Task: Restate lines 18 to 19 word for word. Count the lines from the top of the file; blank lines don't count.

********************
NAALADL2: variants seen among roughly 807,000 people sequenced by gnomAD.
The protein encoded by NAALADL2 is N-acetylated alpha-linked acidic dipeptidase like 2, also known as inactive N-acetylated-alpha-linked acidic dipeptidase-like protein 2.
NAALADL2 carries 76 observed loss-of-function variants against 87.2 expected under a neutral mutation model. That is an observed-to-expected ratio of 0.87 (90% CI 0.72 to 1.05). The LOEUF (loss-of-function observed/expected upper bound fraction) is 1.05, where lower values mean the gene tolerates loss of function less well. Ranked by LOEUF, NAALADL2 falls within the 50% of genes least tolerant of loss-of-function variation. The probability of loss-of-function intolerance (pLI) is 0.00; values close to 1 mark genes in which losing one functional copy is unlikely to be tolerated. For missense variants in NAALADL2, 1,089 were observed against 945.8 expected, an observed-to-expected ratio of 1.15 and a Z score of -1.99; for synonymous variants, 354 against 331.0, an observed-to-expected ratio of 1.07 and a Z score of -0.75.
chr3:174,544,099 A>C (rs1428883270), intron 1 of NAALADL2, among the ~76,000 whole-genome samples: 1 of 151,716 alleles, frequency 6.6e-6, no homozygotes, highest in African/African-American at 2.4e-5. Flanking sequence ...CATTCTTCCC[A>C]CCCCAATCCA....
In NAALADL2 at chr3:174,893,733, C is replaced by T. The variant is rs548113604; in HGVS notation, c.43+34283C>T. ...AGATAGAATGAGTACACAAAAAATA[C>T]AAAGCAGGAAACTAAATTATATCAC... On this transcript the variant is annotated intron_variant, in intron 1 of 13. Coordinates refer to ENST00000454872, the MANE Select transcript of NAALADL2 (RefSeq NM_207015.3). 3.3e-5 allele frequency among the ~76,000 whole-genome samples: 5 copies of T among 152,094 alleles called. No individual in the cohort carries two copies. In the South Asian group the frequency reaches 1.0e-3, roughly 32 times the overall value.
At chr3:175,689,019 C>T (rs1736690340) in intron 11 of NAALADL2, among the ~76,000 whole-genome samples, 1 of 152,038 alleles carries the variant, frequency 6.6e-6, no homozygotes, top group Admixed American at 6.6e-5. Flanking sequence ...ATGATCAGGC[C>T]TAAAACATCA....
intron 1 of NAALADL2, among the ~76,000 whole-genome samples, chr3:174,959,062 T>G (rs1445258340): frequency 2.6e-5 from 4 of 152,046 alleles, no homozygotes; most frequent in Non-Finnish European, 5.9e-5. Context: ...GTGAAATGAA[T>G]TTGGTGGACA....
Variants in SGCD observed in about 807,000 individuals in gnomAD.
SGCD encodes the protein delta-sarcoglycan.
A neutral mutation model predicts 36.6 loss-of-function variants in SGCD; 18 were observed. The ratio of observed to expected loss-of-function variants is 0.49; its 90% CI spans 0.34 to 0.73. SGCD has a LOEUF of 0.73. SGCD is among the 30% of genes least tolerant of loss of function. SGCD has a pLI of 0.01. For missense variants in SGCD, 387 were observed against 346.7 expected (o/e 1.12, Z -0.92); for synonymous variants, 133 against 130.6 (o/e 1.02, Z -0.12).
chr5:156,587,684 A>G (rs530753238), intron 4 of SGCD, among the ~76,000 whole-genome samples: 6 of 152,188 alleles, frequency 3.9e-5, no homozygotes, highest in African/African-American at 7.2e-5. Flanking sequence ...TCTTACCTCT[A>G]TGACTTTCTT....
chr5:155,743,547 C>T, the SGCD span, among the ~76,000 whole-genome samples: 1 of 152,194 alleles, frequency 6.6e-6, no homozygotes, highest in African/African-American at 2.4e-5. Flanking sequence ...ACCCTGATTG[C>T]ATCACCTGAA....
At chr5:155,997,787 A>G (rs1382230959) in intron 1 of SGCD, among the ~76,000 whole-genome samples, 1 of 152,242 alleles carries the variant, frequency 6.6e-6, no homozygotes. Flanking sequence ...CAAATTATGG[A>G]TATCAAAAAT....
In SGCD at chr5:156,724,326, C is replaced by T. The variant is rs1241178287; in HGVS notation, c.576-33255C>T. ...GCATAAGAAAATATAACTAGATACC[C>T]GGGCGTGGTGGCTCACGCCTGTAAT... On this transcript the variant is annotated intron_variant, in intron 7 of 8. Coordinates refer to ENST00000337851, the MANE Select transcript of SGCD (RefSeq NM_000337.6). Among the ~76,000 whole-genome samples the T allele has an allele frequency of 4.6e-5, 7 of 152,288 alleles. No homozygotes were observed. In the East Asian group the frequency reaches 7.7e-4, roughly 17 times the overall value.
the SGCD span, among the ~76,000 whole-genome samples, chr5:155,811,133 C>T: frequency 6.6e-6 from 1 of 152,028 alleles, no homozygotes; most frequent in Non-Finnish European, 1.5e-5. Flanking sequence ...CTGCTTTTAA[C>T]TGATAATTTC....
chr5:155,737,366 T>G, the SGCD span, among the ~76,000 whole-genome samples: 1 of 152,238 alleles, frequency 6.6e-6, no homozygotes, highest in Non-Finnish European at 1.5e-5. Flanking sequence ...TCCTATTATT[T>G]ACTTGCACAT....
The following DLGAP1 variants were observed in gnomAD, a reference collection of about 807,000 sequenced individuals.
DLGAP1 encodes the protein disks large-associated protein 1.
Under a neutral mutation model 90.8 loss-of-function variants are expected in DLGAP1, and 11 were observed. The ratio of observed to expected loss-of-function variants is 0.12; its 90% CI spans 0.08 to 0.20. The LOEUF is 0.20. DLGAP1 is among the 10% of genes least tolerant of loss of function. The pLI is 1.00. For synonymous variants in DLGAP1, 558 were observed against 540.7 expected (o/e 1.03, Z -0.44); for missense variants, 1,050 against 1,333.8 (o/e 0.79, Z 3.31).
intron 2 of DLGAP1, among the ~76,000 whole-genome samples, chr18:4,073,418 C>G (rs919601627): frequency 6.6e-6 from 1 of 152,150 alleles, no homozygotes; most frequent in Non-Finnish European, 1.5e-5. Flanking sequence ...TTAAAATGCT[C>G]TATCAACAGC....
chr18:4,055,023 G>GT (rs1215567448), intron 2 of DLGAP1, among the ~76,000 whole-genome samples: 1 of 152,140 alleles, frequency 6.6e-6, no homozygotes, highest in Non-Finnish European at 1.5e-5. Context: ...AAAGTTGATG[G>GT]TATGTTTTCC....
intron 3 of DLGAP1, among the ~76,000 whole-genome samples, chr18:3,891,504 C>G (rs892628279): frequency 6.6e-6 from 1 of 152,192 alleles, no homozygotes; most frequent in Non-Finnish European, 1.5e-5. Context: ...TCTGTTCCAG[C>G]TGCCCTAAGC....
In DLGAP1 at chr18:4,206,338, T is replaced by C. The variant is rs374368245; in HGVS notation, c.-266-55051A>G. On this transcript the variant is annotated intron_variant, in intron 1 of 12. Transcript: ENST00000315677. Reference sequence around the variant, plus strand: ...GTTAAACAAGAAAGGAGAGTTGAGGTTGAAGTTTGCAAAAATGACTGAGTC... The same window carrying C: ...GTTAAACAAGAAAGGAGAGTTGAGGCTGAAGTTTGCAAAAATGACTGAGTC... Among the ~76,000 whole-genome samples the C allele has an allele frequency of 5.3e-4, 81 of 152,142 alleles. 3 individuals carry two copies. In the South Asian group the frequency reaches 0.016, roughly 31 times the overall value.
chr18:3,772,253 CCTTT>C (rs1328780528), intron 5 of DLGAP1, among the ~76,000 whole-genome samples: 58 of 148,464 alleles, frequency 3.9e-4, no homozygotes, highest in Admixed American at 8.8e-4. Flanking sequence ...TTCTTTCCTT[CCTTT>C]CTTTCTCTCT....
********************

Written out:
DLGAP1 encodes the protein disks large-associated protein 1.
Under a neutral mutation model 90.8 loss-of-function variants are expected in DLGAP1, and 11 were observed. The ratio of observed to expected loss-of-function variants is 0.12; its 90% CI spans 0.08 to 0.20. The LOEUF is 0.20. DLGAP1 is among the 10% of genes least tolerant of loss of function. The pLI is 1.00. For synonymous variants in DLGAP1, 558 were observed against 540.7 expected (o/e 1.03, Z -0.44); for missense variants, 1,050 against 1,333.8 (o/e 0.79, Z 3.31).